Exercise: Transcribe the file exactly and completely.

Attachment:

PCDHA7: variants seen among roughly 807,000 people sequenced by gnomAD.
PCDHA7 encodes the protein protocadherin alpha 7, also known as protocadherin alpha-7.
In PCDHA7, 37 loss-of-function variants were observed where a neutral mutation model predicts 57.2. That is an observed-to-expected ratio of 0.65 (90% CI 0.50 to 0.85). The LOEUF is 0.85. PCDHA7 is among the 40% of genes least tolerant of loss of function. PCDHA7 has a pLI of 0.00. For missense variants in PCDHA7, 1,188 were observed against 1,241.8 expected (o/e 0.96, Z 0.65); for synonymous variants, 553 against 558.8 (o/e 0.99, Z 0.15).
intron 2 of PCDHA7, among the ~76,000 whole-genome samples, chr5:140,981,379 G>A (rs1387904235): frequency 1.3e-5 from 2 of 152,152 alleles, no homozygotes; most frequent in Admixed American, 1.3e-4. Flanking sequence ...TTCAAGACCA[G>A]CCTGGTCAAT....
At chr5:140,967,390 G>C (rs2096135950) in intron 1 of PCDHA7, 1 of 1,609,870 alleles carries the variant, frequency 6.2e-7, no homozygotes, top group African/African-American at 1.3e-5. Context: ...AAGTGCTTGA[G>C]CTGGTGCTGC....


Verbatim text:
PCDHA7: variants seen among roughly 807,000 people sequenced by gnomAD.
PCDHA7 encodes the protein protocadherin alpha 7, also known as protocadherin alpha-7.
In PCDHA7, 37 loss-of-function variants were observed where a neutral mutation model predicts 57.2. That is an observed-to-expected ratio of 0.65 (90% CI 0.50 to 0.85). The LOEUF is 0.85. PCDHA7 is among the 40% of genes least tolerant of loss of function. PCDHA7 has a pLI of 0.00. For missense variants in PCDHA7, 1,188 were observed against 1,241.8 expected (o/e 0.96, Z 0.65); for synonymous variants, 553 against 558.8 (o/e 0.99, Z 0.15).
intron 2 of PCDHA7, among the ~76,000 whole-genome samples, chr5:140,981,379 G>A (rs1387904235): frequency 1.3e-5 from 2 of 152,152 alleles, no homozygotes; most frequent in Admixed American, 1.3e-4. Flanking sequence ...TTCAAGACCA[G>A]CCTGGTCAAT....
At chr5:140,967,390 G>C (rs2096135950) in intron 1 of PCDHA7, 1 of 1,609,870 alleles carries the variant, frequency 6.2e-7, no homozygotes, top group African/African-American at 1.3e-5. Context: ...AAGTGCTTGA[G>C]CTGGTGCTGC....